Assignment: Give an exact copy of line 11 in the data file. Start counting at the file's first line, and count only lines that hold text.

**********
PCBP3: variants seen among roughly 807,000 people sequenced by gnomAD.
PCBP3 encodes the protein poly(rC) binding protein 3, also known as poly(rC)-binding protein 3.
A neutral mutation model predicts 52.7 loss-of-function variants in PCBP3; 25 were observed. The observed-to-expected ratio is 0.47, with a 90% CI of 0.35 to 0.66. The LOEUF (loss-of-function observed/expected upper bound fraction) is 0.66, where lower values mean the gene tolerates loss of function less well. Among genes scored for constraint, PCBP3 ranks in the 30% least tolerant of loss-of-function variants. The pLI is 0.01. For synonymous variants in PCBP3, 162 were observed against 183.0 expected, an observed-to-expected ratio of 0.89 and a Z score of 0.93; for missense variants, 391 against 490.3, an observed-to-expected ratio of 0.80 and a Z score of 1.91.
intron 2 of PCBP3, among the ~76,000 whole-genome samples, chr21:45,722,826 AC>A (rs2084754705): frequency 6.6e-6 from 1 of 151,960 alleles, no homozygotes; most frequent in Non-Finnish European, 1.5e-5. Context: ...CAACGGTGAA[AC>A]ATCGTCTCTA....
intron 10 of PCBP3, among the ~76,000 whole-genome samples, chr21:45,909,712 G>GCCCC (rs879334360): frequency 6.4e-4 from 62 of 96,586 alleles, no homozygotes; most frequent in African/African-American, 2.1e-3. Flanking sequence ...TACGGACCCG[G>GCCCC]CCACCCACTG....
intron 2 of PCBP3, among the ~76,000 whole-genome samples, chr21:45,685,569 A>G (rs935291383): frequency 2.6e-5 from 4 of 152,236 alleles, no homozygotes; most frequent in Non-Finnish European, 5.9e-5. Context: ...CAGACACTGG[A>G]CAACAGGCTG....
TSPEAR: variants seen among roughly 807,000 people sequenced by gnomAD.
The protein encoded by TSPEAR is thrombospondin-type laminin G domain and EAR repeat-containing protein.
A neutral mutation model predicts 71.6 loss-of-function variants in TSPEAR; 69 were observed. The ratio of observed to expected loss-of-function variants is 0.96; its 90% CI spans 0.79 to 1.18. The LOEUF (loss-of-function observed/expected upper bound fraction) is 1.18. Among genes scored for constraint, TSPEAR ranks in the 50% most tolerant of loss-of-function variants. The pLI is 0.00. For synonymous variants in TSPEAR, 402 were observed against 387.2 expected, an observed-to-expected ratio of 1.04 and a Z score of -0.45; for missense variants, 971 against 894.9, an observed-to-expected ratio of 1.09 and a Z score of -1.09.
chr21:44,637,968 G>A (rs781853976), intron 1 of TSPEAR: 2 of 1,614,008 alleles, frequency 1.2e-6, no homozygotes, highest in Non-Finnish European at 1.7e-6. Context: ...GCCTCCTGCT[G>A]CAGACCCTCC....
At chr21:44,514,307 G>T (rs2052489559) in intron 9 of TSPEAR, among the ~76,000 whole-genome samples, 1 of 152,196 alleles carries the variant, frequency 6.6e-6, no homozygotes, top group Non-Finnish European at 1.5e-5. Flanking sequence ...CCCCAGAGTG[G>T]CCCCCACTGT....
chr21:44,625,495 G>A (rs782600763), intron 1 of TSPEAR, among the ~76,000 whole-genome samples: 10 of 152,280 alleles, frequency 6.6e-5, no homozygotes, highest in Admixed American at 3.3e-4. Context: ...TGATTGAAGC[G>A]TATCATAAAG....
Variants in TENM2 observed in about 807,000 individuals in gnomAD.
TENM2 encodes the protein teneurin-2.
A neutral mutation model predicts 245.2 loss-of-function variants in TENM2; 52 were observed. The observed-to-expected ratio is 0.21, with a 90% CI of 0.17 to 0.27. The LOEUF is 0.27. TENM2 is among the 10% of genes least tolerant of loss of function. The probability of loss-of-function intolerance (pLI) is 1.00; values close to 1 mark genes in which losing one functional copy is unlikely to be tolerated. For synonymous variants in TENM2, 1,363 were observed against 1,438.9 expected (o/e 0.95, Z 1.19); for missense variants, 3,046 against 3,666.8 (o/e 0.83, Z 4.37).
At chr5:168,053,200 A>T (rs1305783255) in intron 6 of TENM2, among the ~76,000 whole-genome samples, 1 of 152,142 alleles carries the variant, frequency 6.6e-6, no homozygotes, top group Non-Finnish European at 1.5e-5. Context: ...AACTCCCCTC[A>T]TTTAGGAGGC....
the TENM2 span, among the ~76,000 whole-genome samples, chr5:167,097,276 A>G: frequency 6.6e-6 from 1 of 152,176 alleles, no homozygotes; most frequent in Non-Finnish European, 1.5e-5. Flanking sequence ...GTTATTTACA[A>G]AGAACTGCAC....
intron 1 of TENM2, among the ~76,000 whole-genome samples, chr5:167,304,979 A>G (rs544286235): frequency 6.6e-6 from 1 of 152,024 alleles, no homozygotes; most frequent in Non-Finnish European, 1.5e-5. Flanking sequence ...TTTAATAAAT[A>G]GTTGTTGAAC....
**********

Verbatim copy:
At chr21:44,514,307 G>T (rs2052489559) in intron 9 of TSPEAR, among the ~76,000 whole-genome samples, 1 of 152,196 alleles carries the variant, frequency 6.6e-6, no homozygotes, top group Non-Finnish European at 1.5e-5. Flanking sequence ...CCCCAGAGTG[G>T]CCCCCACTGT....